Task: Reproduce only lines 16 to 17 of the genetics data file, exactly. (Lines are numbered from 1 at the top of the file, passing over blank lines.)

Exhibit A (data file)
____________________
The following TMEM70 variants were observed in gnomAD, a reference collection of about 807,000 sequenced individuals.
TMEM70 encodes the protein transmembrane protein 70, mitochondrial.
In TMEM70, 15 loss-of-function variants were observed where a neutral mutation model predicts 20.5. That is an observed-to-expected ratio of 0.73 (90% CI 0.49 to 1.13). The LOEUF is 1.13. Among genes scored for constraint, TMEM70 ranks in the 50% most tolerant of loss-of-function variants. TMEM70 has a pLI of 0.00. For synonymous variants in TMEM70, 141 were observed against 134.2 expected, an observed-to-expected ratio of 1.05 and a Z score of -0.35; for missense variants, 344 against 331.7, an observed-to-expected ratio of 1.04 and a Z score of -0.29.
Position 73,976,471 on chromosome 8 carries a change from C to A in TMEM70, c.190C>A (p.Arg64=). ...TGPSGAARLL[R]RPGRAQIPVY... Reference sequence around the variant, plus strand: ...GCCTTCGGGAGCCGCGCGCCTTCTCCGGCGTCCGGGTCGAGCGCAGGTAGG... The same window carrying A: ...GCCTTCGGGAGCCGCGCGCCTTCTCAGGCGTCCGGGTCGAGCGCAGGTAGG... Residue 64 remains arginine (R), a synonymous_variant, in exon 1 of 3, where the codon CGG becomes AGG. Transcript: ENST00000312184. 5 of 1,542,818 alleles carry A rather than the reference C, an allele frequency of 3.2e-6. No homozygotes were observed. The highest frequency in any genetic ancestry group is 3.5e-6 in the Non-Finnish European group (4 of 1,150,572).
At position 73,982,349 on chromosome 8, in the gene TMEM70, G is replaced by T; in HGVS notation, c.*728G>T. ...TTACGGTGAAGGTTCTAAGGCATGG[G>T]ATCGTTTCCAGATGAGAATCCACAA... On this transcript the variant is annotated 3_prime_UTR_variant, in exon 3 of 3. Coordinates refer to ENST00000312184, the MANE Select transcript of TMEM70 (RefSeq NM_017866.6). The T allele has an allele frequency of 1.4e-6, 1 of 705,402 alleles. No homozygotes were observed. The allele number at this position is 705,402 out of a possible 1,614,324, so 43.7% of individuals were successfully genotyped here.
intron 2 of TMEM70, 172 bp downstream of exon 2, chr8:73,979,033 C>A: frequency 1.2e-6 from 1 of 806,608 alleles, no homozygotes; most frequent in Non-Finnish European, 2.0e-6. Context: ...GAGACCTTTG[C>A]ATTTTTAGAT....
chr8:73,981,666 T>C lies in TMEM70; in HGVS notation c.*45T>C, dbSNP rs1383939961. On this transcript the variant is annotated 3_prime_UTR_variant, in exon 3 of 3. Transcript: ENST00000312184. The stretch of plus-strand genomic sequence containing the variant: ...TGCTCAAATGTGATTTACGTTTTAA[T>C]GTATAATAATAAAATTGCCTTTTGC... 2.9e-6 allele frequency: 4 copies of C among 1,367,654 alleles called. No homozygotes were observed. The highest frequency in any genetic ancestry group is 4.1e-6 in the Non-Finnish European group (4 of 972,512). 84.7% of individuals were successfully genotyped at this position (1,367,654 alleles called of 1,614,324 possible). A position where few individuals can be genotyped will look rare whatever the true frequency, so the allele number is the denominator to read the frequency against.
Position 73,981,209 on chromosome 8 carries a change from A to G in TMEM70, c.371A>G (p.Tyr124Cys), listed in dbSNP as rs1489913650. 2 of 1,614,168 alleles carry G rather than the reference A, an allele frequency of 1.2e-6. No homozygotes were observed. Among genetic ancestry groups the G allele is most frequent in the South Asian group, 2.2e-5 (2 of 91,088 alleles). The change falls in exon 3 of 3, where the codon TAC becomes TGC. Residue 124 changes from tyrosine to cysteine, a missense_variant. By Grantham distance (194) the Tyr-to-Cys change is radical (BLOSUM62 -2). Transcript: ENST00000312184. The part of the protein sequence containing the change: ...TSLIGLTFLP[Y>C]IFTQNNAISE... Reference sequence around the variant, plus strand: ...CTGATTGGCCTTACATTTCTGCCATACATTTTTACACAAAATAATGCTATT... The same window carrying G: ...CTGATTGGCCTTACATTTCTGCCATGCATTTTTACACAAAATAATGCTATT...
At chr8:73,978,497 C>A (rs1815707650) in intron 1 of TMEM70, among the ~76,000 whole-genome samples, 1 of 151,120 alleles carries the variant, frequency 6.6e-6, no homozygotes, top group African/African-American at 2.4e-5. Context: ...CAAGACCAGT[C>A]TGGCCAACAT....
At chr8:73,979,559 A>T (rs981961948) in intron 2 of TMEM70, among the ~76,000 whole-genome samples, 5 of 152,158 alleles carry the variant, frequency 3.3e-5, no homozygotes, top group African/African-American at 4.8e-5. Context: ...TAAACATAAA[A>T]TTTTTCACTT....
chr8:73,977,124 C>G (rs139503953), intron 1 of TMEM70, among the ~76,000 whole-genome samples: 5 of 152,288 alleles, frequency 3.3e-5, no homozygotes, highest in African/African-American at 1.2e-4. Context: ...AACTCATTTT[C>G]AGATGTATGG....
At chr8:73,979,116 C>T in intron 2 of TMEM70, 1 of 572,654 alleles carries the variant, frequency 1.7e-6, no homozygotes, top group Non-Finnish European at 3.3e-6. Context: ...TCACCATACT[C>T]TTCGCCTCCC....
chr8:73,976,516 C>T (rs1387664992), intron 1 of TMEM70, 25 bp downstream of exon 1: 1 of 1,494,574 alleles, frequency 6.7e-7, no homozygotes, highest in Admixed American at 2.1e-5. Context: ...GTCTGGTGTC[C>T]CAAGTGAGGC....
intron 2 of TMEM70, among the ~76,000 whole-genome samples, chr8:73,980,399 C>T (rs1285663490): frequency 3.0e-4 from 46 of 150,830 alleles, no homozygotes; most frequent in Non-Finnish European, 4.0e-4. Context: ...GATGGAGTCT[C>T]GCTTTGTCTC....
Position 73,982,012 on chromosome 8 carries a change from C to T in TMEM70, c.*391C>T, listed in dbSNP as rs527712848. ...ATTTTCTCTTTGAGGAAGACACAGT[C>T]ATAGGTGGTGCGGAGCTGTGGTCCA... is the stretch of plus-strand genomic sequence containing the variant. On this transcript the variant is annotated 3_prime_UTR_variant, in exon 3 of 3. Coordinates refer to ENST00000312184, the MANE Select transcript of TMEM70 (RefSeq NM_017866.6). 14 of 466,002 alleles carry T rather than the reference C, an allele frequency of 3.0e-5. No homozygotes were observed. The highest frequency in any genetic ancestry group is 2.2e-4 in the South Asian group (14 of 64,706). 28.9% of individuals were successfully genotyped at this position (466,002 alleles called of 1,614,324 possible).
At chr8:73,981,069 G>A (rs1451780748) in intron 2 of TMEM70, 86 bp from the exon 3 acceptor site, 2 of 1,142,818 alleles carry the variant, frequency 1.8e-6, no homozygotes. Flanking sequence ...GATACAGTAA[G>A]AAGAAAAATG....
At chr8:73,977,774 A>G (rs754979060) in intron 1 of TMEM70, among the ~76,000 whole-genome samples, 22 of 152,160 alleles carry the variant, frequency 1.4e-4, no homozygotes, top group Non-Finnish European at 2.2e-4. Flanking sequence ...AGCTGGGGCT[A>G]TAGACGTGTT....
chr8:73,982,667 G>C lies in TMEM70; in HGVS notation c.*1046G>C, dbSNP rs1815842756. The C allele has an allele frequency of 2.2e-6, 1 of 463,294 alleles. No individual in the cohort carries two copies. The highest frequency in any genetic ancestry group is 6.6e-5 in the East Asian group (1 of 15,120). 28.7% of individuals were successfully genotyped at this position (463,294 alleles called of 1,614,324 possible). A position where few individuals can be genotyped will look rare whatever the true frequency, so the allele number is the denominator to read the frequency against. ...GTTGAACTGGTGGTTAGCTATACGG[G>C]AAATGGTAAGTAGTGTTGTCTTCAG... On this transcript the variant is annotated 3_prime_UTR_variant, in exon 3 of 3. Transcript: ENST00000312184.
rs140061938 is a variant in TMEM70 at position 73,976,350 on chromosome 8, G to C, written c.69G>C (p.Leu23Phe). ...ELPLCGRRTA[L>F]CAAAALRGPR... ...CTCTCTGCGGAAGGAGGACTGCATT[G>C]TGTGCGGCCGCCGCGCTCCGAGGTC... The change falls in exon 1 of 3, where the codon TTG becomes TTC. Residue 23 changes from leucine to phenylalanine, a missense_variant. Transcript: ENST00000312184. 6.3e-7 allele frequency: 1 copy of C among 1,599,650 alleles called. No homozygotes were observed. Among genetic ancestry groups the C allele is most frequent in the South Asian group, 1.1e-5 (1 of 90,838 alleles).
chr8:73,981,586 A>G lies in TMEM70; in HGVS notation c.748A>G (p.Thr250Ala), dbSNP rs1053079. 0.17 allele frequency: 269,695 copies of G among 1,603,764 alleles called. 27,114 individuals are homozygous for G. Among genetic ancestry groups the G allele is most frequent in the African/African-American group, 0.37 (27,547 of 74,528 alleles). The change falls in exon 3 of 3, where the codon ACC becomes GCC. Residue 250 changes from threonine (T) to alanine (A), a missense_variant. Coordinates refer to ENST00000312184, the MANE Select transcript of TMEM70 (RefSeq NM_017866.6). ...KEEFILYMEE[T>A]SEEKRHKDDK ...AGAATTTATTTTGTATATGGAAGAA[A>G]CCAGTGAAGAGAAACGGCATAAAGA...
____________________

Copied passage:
At chr8:73,981,069 G>A (rs1451780748) in intron 2 of TMEM70, 86 bp from the exon 3 acceptor site, 2 of 1,142,818 alleles carry the variant, frequency 1.8e-6, no homozygotes. Flanking sequence ...GATACAGTAA[G>A]AAGAAAAATG....
At chr8:73,977,774 A>G (rs754979060) in intron 1 of TMEM70, among the ~76,000 whole-genome samples, 22 of 152,160 alleles carry the variant, frequency 1.4e-4, no homozygotes, top group Non-Finnish European at 2.2e-4. Flanking sequence ...AGCTGGGGCT[A>G]TAGACGTGTT....